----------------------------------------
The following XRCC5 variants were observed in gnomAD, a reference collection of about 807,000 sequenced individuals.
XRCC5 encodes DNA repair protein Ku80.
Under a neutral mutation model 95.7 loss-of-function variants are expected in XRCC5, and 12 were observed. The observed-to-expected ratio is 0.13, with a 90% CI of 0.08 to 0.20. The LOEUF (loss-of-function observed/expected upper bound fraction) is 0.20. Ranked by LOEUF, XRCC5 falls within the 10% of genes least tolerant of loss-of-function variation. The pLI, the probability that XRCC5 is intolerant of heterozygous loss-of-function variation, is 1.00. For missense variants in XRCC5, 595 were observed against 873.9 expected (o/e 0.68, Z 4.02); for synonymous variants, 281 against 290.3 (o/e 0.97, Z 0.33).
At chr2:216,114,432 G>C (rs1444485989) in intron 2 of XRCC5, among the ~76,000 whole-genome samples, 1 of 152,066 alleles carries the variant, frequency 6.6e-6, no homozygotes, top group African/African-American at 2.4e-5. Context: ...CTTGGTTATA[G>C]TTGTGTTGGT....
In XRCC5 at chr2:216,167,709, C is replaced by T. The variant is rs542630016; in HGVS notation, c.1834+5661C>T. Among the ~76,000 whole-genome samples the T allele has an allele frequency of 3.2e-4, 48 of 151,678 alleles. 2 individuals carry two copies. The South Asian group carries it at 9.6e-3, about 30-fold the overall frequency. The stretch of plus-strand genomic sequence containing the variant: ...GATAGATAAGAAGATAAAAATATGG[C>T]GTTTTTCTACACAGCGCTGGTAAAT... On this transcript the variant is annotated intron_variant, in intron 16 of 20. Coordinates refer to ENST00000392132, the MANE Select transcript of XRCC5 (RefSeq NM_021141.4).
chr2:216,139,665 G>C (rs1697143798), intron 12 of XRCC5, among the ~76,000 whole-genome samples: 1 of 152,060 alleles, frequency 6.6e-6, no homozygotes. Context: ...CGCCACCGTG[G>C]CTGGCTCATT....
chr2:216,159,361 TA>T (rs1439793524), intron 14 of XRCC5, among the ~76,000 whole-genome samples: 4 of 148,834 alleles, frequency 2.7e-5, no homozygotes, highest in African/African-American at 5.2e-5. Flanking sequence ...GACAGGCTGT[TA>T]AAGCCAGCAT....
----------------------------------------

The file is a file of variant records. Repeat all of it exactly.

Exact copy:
The following XRCC5 variants were observed in gnomAD, a reference collection of about 807,000 sequenced individuals.
XRCC5 encodes DNA repair protein Ku80.
Under a neutral mutation model 95.7 loss-of-function variants are expected in XRCC5, and 12 were observed. The observed-to-expected ratio is 0.13, with a 90% CI of 0.08 to 0.20. The LOEUF (loss-of-function observed/expected upper bound fraction) is 0.20. Ranked by LOEUF, XRCC5 falls within the 10% of genes least tolerant of loss-of-function variation. The pLI, the probability that XRCC5 is intolerant of heterozygous loss-of-function variation, is 1.00. For missense variants in XRCC5, 595 were observed against 873.9 expected (o/e 0.68, Z 4.02); for synonymous variants, 281 against 290.3 (o/e 0.97, Z 0.33).
At chr2:216,114,432 G>C (rs1444485989) in intron 2 of XRCC5, among the ~76,000 whole-genome samples, 1 of 152,066 alleles carries the variant, frequency 6.6e-6, no homozygotes, top group African/African-American at 2.4e-5. Context: ...CTTGGTTATA[G>C]TTGTGTTGGT....
In XRCC5 at chr2:216,167,709, C is replaced by T. The variant is rs542630016; in HGVS notation, c.1834+5661C>T. Among the ~76,000 whole-genome samples the T allele has an allele frequency of 3.2e-4, 48 of 151,678 alleles. 2 individuals carry two copies. The South Asian group carries it at 9.6e-3, about 30-fold the overall frequency. The stretch of plus-strand genomic sequence containing the variant: ...GATAGATAAGAAGATAAAAATATGG[C>T]GTTTTTCTACACAGCGCTGGTAAAT... On this transcript the variant is annotated intron_variant, in intron 16 of 20. Coordinates refer to ENST00000392132, the MANE Select transcript of XRCC5 (RefSeq NM_021141.4).
chr2:216,139,665 G>C (rs1697143798), intron 12 of XRCC5, among the ~76,000 whole-genome samples: 1 of 152,060 alleles, frequency 6.6e-6, no homozygotes. Context: ...CGCCACCGTG[G>C]CTGGCTCATT....
chr2:216,159,361 TA>T (rs1439793524), intron 14 of XRCC5, among the ~76,000 whole-genome samples: 4 of 148,834 alleles, frequency 2.7e-5, no homozygotes, highest in African/African-American at 5.2e-5. Flanking sequence ...GACAGGCTGT[TA>T]AAGCCAGCAT....